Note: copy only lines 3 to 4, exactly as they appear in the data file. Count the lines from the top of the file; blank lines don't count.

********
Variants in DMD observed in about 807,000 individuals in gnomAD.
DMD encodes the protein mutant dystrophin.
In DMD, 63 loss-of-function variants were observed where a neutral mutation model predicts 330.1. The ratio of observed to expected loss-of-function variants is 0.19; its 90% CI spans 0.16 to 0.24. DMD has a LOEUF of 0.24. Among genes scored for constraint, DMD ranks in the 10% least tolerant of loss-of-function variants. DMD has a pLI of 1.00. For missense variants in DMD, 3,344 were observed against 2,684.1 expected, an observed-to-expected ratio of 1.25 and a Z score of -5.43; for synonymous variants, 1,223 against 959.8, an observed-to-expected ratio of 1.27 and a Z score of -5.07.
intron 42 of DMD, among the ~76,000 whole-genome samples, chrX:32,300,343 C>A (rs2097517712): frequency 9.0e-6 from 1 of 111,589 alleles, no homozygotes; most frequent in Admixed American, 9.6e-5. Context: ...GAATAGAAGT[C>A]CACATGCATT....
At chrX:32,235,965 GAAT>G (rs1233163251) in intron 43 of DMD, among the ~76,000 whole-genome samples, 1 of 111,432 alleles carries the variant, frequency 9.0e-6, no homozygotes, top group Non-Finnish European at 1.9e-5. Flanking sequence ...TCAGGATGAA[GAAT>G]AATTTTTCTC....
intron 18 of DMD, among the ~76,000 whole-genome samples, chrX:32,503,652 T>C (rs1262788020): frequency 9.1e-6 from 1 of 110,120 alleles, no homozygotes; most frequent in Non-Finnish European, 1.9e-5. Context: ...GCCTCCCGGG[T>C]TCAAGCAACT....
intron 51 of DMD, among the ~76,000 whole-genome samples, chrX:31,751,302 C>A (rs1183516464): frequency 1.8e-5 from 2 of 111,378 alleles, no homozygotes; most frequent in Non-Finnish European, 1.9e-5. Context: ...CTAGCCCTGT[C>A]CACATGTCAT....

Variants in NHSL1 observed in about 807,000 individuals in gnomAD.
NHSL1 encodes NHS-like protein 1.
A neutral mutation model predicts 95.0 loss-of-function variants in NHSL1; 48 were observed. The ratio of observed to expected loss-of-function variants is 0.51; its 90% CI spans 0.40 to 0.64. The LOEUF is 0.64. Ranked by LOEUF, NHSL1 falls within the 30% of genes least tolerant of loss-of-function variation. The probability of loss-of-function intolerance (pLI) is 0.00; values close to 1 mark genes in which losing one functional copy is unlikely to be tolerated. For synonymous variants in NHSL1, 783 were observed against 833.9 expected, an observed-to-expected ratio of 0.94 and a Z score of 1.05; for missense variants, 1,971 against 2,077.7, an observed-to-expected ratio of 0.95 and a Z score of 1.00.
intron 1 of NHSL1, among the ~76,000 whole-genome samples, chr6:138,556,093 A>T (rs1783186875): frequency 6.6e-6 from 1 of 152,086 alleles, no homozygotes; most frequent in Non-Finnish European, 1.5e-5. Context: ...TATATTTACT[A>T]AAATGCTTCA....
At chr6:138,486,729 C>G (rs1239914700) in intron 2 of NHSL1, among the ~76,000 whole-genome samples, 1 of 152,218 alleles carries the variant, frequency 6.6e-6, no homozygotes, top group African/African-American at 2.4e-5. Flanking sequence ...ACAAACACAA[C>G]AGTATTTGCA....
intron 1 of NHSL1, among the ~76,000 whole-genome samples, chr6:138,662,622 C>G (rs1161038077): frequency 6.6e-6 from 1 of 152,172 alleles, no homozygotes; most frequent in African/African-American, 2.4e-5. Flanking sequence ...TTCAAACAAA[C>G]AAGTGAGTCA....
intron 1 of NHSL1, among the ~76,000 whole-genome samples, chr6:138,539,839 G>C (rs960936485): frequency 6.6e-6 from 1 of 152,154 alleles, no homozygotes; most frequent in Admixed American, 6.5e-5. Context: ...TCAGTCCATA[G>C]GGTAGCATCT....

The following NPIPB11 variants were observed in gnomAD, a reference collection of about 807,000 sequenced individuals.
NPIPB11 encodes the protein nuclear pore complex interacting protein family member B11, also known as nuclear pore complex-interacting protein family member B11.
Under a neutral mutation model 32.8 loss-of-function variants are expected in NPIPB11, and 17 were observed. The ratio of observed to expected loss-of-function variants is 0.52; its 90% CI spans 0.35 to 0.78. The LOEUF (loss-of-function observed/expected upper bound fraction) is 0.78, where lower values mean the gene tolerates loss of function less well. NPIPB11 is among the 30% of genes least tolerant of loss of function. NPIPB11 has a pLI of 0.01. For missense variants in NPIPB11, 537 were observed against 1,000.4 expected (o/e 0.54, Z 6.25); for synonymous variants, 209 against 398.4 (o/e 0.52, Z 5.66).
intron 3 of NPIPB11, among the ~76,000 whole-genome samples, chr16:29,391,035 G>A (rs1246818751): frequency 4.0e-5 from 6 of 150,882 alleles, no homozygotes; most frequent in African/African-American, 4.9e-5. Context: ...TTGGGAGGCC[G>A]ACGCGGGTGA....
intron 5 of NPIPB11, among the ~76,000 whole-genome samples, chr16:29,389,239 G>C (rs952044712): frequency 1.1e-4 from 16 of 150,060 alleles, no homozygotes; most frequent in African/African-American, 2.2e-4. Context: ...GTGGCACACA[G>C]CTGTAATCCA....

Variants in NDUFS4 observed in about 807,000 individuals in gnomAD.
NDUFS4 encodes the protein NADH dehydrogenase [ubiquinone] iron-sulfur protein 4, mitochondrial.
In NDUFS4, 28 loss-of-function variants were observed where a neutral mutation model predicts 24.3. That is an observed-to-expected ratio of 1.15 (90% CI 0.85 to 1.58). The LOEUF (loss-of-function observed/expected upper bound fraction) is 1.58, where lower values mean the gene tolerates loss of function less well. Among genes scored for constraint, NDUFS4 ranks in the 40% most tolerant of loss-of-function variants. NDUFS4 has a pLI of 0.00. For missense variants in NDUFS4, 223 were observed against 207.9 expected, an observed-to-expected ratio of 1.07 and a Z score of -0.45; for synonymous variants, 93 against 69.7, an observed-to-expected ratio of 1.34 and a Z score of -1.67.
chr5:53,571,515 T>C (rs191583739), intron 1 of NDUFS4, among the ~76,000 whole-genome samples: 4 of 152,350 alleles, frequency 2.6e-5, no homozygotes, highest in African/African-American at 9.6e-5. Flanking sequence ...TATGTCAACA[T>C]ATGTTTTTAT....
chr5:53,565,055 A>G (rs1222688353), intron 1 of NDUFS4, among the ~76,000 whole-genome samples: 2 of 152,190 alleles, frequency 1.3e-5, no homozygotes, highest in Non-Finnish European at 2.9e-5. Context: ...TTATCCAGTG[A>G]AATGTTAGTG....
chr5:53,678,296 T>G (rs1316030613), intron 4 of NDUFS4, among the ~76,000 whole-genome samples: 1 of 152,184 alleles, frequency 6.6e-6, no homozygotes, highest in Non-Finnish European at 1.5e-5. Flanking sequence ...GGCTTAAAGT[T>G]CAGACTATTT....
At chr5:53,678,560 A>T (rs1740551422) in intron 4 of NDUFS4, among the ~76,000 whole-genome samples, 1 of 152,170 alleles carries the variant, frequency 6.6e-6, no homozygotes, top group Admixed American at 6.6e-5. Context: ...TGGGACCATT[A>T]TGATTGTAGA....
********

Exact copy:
In DMD, 63 loss-of-function variants were observed where a neutral mutation model predicts 330.1. The ratio of observed to expected loss-of-function variants is 0.19; its 90% CI spans 0.16 to 0.24. DMD has a LOEUF of 0.24. Among genes scored for constraint, DMD ranks in the 10% least tolerant of loss-of-function variants. DMD has a pLI of 1.00. For missense variants in DMD, 3,344 were observed against 2,684.1 expected, an observed-to-expected ratio of 1.25 and a Z score of -5.43; for synonymous variants, 1,223 against 959.8, an observed-to-expected ratio of 1.27 and a Z score of -5.07.
intron 42 of DMD, among the ~76,000 whole-genome samples, chrX:32,300,343 C>A (rs2097517712): frequency 9.0e-6 from 1 of 111,589 alleles, no homozygotes; most frequent in Admixed American, 9.6e-5. Context: ...GAATAGAAGT[C>A]CACATGCATT....